There is a fair amount to quibble about in this episode, in comparison with the books. Sometimes it's just a necessary shortcut, and sometimes it subverts the story in the book significantly. I'm not going to get wrapped around the axle about it. I'm viewing this story as separate but related to the books. The Glovers, the Hound, the Greyjoys...in a way, I'm glad they're not spoiling the release (hopefully) of the books to come.
There is a lot to celebrate about this episode, too. A fantastic and all too brief appearance by Ian McShane, the grumpiness of the Queen of Thorns, Bronn's vulgar wit, an excellent scene with a 10-year old bear cub, and most of all, the return of...
Sandor lives! He was found near death, his wounds stinking and bone sticking out of his leg (quite literally a broken man), and brought into a small community of peaceful folk. The leader of this group is a kindly man, who used to be a soldier, a committer of war crimes, and he has repudiated the doings of royalty and armies to pursue giving something positive back to the world.
He counsels Sandor, telling him that a higher power still has plans for him. Sandor wants to know, if there is a god or gods, why haven't they punished him for what he's done? The man looks at Sandor (burns on his face, misery in his countenance) and tells him that they have punished him.
Hard for Sandor to argue that.
As this nice group of people is listening to their leader tell his stories, they are approached by three men on horseback. These men want to know if the group has any horses, any steel, any food. They are told that they are welcome to stay for dinner, but that otherwise they have nothing to offer them.
Sandor realizes these three are no good, and he wants to take preemptive action, but the wise leader preaches nonviolence, and Sandor listens.
And Sandor is away doing some work when he hears a familiar noise. He returns to find everyone dead, and the wise leader hanging by the neck.
Nonviolence is honorable - the kind old man was right. But he was also right that the gods still had a plan for Sandor, and nonviolence doesn't seem to be a part of that plan. Sandor grabs an axe and sets off.
Margaery is such a changed woman, isn't she? She's learning her scripture, she's confessing her sins (she only pretended to love the poor), she's doing everything she needs to for the High Sparrow to be pleased with her progress in the Faith of the Seven.
She's really quite convincing. Is the High Sparrow convinced?
He has words with her about failing to do her duty in the marriage bed. She indicates that, as a changed woman, what drove her before doesn't drive her now. He tells her that sex doesn't require desire, but she must produce an heir for her king, her country, and the gods.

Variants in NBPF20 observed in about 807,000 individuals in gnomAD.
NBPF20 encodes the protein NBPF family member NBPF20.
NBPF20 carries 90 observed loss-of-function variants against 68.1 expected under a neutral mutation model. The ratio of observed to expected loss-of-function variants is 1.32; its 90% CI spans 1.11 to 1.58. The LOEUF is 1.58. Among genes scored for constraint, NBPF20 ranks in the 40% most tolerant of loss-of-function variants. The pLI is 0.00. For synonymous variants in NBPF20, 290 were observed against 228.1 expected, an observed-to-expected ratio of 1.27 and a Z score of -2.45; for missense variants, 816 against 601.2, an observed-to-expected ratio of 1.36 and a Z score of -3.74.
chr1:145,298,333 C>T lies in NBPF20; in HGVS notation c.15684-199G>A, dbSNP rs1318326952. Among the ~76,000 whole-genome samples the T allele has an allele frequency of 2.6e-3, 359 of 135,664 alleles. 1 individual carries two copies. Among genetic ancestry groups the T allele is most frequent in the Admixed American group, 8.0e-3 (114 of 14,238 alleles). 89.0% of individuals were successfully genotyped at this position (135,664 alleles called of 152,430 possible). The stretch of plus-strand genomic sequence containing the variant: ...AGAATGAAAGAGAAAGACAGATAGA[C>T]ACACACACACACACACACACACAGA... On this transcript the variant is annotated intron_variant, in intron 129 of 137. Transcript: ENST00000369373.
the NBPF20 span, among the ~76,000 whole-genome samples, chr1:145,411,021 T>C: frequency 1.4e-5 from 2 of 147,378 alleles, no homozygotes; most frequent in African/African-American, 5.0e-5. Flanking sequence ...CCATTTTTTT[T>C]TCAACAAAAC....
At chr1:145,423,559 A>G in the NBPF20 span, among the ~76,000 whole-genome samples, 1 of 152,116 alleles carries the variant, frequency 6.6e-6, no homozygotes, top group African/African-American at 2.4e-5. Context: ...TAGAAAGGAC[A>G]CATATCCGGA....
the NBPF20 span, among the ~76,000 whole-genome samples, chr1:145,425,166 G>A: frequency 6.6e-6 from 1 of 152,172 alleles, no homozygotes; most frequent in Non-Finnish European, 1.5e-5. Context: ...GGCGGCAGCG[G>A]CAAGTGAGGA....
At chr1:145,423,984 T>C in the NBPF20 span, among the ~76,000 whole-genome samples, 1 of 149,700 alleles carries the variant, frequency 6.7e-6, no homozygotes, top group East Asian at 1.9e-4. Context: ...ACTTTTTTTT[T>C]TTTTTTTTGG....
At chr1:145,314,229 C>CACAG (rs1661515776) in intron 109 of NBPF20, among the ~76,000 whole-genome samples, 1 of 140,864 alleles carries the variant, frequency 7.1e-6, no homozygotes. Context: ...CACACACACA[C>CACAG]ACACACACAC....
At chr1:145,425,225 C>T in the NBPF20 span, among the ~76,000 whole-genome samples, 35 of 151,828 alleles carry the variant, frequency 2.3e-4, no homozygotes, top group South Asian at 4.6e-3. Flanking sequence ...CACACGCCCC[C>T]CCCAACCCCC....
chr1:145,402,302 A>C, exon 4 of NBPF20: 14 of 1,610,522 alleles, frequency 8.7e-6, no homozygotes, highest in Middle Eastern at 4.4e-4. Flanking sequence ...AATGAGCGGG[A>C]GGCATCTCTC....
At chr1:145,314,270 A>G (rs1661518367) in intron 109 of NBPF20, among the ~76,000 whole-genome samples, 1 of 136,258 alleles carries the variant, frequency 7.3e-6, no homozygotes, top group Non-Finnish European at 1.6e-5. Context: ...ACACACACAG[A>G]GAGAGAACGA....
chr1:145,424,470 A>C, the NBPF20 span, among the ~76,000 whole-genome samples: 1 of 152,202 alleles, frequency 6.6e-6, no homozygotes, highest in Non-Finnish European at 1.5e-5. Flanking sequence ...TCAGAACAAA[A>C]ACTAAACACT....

He also warns her that she needs to convert her grandmother, the Queen of Thorns, before harm comes to her - "body and soul". A threat, or just the concern of a pious man? In many ways, this is reminiscent of the Varys/Littlefinger conversations, only subtler. It's a joy to watch.
Margaery goes to visit Olenna, with Septa Unella as chaperone. Olenna is her typical blunt self, threatening Unella and exasperated at all this Faith nonsense. Margaery says all the right godly things, telling her grandmother that she (Olenna) received the gods' mercy rather than punishment for marching on the Faith.
What about mercy for Loras (another broken man)? Loras is going to have to admit his sins and give up any claim to his title. He'll have to live out his life as a penitent. Olenna's having none of that. She wants Margaery to leave King's Landing and go back to Highgarden, but Margaery has duties as the queen. She remonstrates with her grandmother that she, Olenna, should go back to Highgarden. Reaching for her grandmother's hands, she transfers a piece of paper to her. Olenna finally understands that Margaery is just mouthing platitudes. Embracing her granddaughter, she takes her leave. In the hallway, she unfolds the message - which is a drawing of a rose - the symbol of their house. She clearly takes heart from the picture - whether there is a deeper meaning than "I'm still Margaery", I don't know.
Margaery, for her part, let her mask slip just a bit, both times with her back turned to the good Septa. Once when hugging her grandmother, and once when taking her leave. She has to school her features and put on a pleasant face and asking the Septa to pray with her.
Later, Cersei (trailed as always by the faithful Mountain) meets with Olenna. She wants to make peace and an alliance with the Queen of Thorns...who rightly points out that all of this is Cersei's doing. And Cersei admits the truth of that (humble Cersei? Please...). Olenna tells Cersei just what she thinks of her ("I wonder if you're the worst person I've ever met? At a certain age, it's hard to recall. But the truly vile do stand out through the years.") She also tells Cersei that her brother Jaime is gone, the rest of the family wants nothing to do with her, and that she's surrounded by thousands of enemies. "You've lost, Cersei. It's the only joy I can find in all this misery."
The Queen of Thorns indeed.
Jon and Sansa
Jon (hard to be more broken than @died) meets with the Wildlings to convince them to help in the assault on Winterfell. They rightfully protest that following him in the fight against the White Walkers is different than throwing away lives in a "Southern" war. Tormund speaks on Jon's behalf, but really it's Jon's unassailable logic that the old Stark alliance has to be rebuilt, or the war against the White Walkers is lost before it's started.
The Wildlings see reason in that, and agree to march on Winterfell. Jon and Sansa will meet them there, but they need to go do some recruiting first. (Hint; they don't seem to be getting errrrbody).
Their first stop is at House Mormont, on Bear Island. You'll recall that the 997th Lord Commander of the Night's Watch (Jon's immediate predecessor) was Jeor Mormont, the Old Bear. Jeor's son, and the heir to Bear Island, got into some trouble and was banished from Westeros, which is how Jorah ended up serving Daenerys in Essos, and how he betrayed her.